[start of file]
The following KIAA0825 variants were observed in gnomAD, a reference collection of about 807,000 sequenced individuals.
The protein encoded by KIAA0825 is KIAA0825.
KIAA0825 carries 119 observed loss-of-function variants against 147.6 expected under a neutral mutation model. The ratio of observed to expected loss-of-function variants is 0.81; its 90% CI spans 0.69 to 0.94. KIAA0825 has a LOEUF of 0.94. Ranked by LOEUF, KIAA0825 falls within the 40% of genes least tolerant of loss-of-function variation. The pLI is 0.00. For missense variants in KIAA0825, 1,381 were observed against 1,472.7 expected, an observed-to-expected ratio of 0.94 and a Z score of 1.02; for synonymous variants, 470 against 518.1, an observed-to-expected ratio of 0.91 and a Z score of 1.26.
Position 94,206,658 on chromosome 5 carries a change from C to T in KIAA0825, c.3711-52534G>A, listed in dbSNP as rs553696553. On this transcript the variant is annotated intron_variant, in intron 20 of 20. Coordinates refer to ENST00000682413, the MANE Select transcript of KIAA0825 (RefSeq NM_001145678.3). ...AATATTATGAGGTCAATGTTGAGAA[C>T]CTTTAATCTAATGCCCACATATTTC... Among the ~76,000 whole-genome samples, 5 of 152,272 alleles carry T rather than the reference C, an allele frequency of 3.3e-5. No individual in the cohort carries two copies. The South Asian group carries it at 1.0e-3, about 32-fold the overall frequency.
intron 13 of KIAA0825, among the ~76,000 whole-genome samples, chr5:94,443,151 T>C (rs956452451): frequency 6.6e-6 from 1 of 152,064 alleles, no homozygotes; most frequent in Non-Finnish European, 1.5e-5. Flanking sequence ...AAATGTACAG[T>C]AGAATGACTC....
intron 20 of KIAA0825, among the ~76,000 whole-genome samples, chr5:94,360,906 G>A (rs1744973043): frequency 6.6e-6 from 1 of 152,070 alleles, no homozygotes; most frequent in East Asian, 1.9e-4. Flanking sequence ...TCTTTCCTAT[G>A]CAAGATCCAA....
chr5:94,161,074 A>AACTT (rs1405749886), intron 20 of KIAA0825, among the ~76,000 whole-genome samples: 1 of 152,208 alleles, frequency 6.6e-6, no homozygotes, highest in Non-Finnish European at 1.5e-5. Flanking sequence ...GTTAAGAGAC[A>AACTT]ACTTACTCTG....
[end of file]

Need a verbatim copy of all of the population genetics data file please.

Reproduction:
The following KIAA0825 variants were observed in gnomAD, a reference collection of about 807,000 sequenced individuals.
The protein encoded by KIAA0825 is KIAA0825.
KIAA0825 carries 119 observed loss-of-function variants against 147.6 expected under a neutral mutation model. The ratio of observed to expected loss-of-function variants is 0.81; its 90% CI spans 0.69 to 0.94. KIAA0825 has a LOEUF of 0.94. Ranked by LOEUF, KIAA0825 falls within the 40% of genes least tolerant of loss-of-function variation. The pLI is 0.00. For missense variants in KIAA0825, 1,381 were observed against 1,472.7 expected, an observed-to-expected ratio of 0.94 and a Z score of 1.02; for synonymous variants, 470 against 518.1, an observed-to-expected ratio of 0.91 and a Z score of 1.26.
Position 94,206,658 on chromosome 5 carries a change from C to T in KIAA0825, c.3711-52534G>A, listed in dbSNP as rs553696553. On this transcript the variant is annotated intron_variant, in intron 20 of 20. Coordinates refer to ENST00000682413, the MANE Select transcript of KIAA0825 (RefSeq NM_001145678.3). ...AATATTATGAGGTCAATGTTGAGAA[C>T]CTTTAATCTAATGCCCACATATTTC... Among the ~76,000 whole-genome samples, 5 of 152,272 alleles carry T rather than the reference C, an allele frequency of 3.3e-5. No individual in the cohort carries two copies. The South Asian group carries it at 1.0e-3, about 32-fold the overall frequency.
intron 13 of KIAA0825, among the ~76,000 whole-genome samples, chr5:94,443,151 T>C (rs956452451): frequency 6.6e-6 from 1 of 152,064 alleles, no homozygotes; most frequent in Non-Finnish European, 1.5e-5. Flanking sequence ...AAATGTACAG[T>C]AGAATGACTC....
intron 20 of KIAA0825, among the ~76,000 whole-genome samples, chr5:94,360,906 G>A (rs1744973043): frequency 6.6e-6 from 1 of 152,070 alleles, no homozygotes; most frequent in East Asian, 1.9e-4. Flanking sequence ...TCTTTCCTAT[G>A]CAAGATCCAA....
chr5:94,161,074 A>AACTT (rs1405749886), intron 20 of KIAA0825, among the ~76,000 whole-genome samples: 1 of 152,208 alleles, frequency 6.6e-6, no homozygotes, highest in Non-Finnish European at 1.5e-5. Flanking sequence ...GTTAAGAGAC[A>AACTT]ACTTACTCTG....